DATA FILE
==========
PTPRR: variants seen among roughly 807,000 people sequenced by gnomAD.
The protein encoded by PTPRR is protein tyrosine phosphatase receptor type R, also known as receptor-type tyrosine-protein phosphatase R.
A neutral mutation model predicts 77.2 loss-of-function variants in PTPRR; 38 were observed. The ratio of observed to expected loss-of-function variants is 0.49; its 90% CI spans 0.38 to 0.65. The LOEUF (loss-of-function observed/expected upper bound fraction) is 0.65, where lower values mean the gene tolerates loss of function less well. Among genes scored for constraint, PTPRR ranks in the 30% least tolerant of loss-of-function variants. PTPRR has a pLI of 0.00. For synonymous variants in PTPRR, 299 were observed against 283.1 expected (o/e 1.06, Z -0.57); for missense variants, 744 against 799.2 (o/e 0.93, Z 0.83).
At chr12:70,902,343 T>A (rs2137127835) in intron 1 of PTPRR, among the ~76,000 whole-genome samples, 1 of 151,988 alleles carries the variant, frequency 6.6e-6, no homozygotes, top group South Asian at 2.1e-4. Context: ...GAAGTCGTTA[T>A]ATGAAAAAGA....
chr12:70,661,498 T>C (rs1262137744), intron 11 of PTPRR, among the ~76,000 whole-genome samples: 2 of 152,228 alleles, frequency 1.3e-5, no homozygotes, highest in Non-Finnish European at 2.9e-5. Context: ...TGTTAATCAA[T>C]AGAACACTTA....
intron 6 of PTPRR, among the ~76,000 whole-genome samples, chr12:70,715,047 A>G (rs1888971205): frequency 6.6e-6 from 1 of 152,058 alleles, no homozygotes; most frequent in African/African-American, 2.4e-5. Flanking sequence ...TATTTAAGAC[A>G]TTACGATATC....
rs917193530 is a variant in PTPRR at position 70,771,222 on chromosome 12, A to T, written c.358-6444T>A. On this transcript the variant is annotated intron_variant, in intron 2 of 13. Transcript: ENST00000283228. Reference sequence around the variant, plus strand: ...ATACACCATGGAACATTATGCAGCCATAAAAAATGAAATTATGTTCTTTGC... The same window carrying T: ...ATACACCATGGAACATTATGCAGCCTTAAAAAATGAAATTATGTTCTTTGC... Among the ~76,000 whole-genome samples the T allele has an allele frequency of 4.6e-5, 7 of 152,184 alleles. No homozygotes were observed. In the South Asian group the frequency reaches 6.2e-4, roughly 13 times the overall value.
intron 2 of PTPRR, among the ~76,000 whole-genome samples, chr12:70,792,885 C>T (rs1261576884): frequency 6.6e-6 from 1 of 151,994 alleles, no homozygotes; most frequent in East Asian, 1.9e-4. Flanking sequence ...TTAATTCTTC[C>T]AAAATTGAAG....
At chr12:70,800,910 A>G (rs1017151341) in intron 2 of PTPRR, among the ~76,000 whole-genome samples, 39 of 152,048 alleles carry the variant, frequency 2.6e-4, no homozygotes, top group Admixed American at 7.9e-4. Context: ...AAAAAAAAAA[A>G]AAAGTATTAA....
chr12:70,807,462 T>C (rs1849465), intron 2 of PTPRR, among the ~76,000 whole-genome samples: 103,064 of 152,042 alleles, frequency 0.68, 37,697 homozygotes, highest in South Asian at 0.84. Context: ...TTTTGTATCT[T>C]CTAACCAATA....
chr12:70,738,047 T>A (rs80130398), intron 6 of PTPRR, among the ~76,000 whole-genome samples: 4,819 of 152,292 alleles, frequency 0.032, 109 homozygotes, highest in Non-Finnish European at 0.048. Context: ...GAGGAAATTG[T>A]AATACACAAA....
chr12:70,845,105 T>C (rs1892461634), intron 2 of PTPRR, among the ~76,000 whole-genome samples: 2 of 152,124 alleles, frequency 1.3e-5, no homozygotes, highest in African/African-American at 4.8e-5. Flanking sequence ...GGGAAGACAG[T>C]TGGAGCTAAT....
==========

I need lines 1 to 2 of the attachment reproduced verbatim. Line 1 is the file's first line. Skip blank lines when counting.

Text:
PTPRR: variants seen among roughly 807,000 people sequenced by gnomAD.
The protein encoded by PTPRR is protein tyrosine phosphatase receptor type R, also known as receptor-type tyrosine-protein phosphatase R.